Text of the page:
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19. The Adam Crawford House

James Westfall sold this half-acre, original town lot #16, to Benjamin Wilson in 1792.

It is on the west side of what is now Main Street. The house is reputed to date from the early 1800's, and Adam Crawford and his family already lived here when he bought the house in 1846. Tradition claims that the first telegraph office in a private home was set up in a second floor bedroom of this house immediately following the Union victory at Rich Mountain. If so, it is likely that General McClellan's victory telegram was sent from this location.

For much of the war, the Crawford family had to live in one room while the rest of the house was used for quarters for Union officers and, at times, as a hospital. As a result, the house was not substantially damaged or altered during the war.

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The Crawfords' daughter Harriet found this occupation especially galling. On one occasion, she waved a Confederate flag from the window. She hid the flag up a chimney, and the Union soldiers sent to search for the flag failed to find it. She was still arrested and might have been sent to prison camp but for the intervention of a Union officer who was a friend of her father. She also fell in love with Union telegrapher George Prinz but refused to marry a "Yankee." He escaped a secret way over Rich Mountain, deserted the Union, and joined the Confederates at Huttonsville. The couple were later married and lived in Beverly, where he was a carpenter.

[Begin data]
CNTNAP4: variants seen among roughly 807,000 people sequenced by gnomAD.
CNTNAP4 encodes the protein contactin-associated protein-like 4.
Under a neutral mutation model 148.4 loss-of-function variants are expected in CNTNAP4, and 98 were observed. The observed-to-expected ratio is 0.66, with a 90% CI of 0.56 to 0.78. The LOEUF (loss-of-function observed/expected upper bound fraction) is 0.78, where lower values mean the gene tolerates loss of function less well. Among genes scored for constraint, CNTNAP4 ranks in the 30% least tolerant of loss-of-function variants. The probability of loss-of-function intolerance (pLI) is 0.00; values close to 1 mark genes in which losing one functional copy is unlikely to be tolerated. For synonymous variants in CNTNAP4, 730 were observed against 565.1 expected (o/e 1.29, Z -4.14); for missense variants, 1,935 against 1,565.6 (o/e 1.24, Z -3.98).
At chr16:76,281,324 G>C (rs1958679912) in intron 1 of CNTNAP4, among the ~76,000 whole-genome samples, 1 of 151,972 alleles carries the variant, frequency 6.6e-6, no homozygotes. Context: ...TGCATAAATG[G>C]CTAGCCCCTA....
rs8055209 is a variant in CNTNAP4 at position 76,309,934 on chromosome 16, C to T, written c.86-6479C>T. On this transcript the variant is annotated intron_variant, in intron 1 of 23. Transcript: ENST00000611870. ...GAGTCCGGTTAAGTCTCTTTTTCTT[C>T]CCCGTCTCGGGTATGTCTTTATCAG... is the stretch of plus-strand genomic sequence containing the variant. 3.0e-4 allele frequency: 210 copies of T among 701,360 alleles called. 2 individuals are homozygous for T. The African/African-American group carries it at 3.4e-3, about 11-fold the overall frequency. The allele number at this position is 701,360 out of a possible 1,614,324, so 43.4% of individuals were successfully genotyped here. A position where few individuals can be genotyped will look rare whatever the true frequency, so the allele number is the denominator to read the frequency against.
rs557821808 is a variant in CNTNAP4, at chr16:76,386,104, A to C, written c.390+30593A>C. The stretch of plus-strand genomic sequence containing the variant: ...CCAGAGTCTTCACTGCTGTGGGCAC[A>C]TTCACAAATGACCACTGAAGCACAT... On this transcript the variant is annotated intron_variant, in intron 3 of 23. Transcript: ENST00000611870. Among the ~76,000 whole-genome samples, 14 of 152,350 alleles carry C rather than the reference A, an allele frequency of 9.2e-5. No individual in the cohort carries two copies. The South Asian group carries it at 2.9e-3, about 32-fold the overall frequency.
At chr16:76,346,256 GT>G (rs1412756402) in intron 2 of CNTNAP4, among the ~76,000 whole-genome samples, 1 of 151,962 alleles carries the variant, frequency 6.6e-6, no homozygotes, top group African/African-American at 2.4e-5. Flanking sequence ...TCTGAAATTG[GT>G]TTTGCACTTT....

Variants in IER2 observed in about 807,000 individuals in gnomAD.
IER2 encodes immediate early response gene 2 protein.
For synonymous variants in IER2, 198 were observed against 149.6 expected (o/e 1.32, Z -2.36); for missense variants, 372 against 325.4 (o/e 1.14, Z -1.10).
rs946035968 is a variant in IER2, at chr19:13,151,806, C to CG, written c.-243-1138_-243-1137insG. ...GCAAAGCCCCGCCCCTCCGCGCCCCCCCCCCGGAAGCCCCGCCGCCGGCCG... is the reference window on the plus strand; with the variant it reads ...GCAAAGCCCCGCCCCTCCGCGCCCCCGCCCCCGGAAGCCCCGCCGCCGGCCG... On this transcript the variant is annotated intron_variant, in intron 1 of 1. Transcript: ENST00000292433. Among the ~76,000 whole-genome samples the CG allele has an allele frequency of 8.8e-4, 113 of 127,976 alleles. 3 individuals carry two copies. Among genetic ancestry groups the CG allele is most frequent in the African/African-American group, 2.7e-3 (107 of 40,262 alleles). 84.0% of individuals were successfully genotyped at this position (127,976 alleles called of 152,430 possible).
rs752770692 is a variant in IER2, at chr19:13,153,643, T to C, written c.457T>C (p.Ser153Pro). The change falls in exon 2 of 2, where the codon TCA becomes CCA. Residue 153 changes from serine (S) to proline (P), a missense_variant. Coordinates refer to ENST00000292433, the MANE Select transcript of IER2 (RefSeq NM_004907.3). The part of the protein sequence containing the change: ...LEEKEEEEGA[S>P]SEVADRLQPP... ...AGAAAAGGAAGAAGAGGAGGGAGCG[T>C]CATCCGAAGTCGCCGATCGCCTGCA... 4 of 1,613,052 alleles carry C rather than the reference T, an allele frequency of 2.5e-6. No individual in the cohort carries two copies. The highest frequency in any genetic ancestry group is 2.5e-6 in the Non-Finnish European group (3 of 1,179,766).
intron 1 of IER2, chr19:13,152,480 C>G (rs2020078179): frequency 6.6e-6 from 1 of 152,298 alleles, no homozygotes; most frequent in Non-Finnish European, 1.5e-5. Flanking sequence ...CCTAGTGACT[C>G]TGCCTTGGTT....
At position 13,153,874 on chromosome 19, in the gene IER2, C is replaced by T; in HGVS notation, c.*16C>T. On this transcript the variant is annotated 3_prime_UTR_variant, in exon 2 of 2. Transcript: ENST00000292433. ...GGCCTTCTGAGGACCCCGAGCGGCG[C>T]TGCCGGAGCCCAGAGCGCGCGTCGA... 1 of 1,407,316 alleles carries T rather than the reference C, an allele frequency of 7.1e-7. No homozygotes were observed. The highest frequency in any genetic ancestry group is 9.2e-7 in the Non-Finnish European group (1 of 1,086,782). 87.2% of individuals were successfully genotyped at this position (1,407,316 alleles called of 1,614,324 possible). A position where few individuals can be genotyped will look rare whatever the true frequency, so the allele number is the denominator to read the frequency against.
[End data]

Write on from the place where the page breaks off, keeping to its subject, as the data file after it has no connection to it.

adam_crawford4.jpg (44782 bytes) The house is relatively unaltered from its original plan. It is two-story, five bays wide, with a back ell. Details such as the simplified Federal styling, sidelighted door with transom, and the short "returns" at the bottom of the gables argue for an early construction date.It has a low metal roof and inside end chimneys.